There have been many books about writing and writers, but this has to be one of the strangest I have ever read. There is an undercurrent here of writing itself as a harmful or unhealthy activity, with authors preying on people’s weaknesses. When Ella joins the society, all its members have long since retreated into their own private wars and petty squabbles.

The irony is that they are totally oblivious to the glimpse of magic that attracts Ella to the Society in the first place. I particularly liked the ending, which is a kind of resolution on one level, but it is also quite unexpectedly sad. Jääskeläinen has written a near-perfect book for readers.

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Mature Themes

Mature ThemesMature Themes by Andrew Durbin

My rating: 4 of 5 stars

I loved this short book. It should not really work as well as it does, or at all, being a crazy hodgepodge of memoir, anecdotes, reflections, musings, random bits-and-bobs (no shopping lists though, thank God) … not to mention the dreaded ‘p’ word. Poetry. We all know that Real Men Do Not Read Poetry.

But the poems flow organically into, and out of, the main text. You cannot really skip them, as you would in a novel where poems have been inserted, for here they are part-and-parcel of the narrative itself. Indeed, they go a long way to crystallising the overarching narrative themes.

If this sounds dry and boring, fear not: Durbin’s mercurial eye covers everything from Justin Bieber to Adidas, Ducati and Tamagotchi virtual pets to Paul Schrader’s 2013 movie ‘The Canyons’ (which featured the straight-porn star James Deen) to Rimbaud and the true meaning of the Cloud. New York itself, gritty and resplendent, seedy and shadowy, yet shot through with brilliance (there is a fantastic riff on cloudscapes and light) is a major, moody character.

The poetry in and of itself is particularly significant in terms of the New Narrative literary movement, which was founded in San Francisco in the 1970s and early 1980s by (ironically) two poets in response to the so-called Language Poets. The New Narrative attempted to co-opt the techniques of poetry in the arena of the novel so as to give its ongoing transformation and evolution a kick in the ass.

Prior to reading Mature Themes, I knew nothing about the New Narrative. Reading about it further, however, has given me a whole new field of writers and poets to explore – for which I am infinitely grateful to Durbin. Apart from pointing the way forward for the form of the novel itself, he (fittingly) refers to the past and how we stand to learn from both our heritage and our forebears.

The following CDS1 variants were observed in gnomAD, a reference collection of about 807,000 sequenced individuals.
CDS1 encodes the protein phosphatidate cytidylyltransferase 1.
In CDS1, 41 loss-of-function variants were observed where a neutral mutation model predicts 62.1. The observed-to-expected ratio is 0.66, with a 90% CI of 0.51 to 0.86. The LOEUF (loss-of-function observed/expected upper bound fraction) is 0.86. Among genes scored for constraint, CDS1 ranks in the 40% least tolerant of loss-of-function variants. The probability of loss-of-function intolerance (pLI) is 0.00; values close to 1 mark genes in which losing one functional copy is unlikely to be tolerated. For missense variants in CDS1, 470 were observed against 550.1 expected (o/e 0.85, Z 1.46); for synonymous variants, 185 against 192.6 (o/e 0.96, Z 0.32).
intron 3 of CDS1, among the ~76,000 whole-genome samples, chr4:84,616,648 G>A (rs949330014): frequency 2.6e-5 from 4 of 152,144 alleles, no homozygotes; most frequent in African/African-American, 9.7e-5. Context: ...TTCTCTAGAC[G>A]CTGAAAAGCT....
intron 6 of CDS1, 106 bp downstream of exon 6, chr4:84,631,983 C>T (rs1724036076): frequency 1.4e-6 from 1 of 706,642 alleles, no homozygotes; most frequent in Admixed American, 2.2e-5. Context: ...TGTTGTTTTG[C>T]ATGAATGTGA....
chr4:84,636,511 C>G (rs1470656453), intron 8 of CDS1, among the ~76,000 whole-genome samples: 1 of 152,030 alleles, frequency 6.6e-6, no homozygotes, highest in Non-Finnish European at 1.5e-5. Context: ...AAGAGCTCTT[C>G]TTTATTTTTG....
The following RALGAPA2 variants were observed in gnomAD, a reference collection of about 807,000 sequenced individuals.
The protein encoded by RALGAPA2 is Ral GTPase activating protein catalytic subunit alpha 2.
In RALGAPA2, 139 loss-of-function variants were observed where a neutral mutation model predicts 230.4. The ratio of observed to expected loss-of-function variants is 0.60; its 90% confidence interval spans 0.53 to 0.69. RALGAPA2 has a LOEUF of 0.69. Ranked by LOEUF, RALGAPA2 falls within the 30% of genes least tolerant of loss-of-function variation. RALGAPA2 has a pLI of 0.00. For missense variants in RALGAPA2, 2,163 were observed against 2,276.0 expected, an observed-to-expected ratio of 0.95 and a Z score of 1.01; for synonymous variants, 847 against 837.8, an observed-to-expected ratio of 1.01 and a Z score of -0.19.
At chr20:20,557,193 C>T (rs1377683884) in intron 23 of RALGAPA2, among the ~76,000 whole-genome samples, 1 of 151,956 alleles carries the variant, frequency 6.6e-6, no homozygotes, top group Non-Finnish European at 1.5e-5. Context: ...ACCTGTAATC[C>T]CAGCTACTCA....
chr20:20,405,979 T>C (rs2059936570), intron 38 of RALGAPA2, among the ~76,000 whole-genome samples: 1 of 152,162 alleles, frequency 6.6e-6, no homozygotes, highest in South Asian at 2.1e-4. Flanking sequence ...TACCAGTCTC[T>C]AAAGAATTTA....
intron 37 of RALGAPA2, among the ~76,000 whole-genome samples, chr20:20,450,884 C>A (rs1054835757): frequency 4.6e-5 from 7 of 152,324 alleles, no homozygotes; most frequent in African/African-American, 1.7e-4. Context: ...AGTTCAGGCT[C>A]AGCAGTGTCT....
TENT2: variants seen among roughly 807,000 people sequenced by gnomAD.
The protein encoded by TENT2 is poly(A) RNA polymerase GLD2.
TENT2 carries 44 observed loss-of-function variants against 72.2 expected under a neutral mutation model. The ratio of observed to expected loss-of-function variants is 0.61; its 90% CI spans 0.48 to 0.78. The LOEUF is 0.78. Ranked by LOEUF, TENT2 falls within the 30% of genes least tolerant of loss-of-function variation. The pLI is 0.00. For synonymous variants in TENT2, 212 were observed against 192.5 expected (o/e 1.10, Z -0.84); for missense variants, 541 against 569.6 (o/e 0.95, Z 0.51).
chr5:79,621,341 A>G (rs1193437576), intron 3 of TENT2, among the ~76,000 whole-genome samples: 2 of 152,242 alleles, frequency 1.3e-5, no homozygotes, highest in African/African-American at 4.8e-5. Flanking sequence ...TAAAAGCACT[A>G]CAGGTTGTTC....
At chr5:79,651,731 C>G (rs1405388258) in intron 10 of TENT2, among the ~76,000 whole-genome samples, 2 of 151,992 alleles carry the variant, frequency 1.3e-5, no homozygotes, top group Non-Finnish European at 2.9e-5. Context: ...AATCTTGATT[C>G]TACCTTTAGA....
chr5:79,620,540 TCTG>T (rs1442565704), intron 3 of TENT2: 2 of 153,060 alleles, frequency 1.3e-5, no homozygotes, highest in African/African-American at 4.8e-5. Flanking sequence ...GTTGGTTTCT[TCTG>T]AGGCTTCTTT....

I am perennially fascinated by books that disrupt the novel’s perceived hermetic boundaries, and writers who interrogate the reader’s role in fiction’s discourse. Still, for me it remains lightning in a bottle: I found Satin Island by Tom McCarthy to be too contrived, while I loved the messiness and bleeding-edge nature of Mature Themes.

Interestingly, a recent Lambda Literary interview with Andrew Durbin makes more of the connection between Hurricane Sandy and the AIDS epidemic in New York in particular than there is in the book itself. We only learn of Durbin’s putative sexual orientation nearly towards the end (and even then it is unclear), while the AIDS epidemic itself is treated almost as an aside in the greater flow of socio-cultural flotsam and jetsam.

This is an important and brave novel though. Durbin strikes a balance between mapping one’s soul in a postmodern context, where irony and meta-textuality are paramount, to bearing your heart in such a way that the emotional heft of this act ruptures the very nature of the text itself.

P.S. This is probably a unique instance where Durbin highlights the tactile deficiencies of the ebook format: the cover features a painting by Alex Da Corte entitled ‘Body Without Organs’ … however, the front and back covers are flipped, with the title and author name actually appearing on the back. Of course, you only get the single cover in the ebook – which you are unaware is actually the back cover. A neat trick or a profound statement? Well, that is postmodernism in a nutshell, I suppose: seeing the world ass-backwards.

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Satin Island

Satin Island: A novelSatin Island: A novel by Tom McCarthy

My rating: 2 of 5 stars

Satin Island is an exasperating novel that occasionally hints at being extraordinary, but the reader’s enjoyment of it is constantly thwarted by Tom McCarthy himself.

Perhaps that is the ultimate point: this is one of those eyebrow-arched postmodern treatises on the meaninglessness of meaning in our information-saturated (Dis)Information Age.

Oops: ‘Treatise’ is one of the words that are struck-through on the cover, along with Report, Confession, Essay and Manifesto. That leaves Novel … but the reader has no idea how this ranks in the pecking order.

Certainly the reader has no clearer idea at this novel’s end, which shares one of postmodernism’s most irritating attributes: the lack of satisfactory closure.

U. is an anthropologist working for The Company, tasked to compile The Great Report. His agonising over this insurmountable task, which is never clearly defined, serves as a narrative platform for McCarthy to riff on anything and everything, from Levi Strauss to the symbolism inherent in parachutes.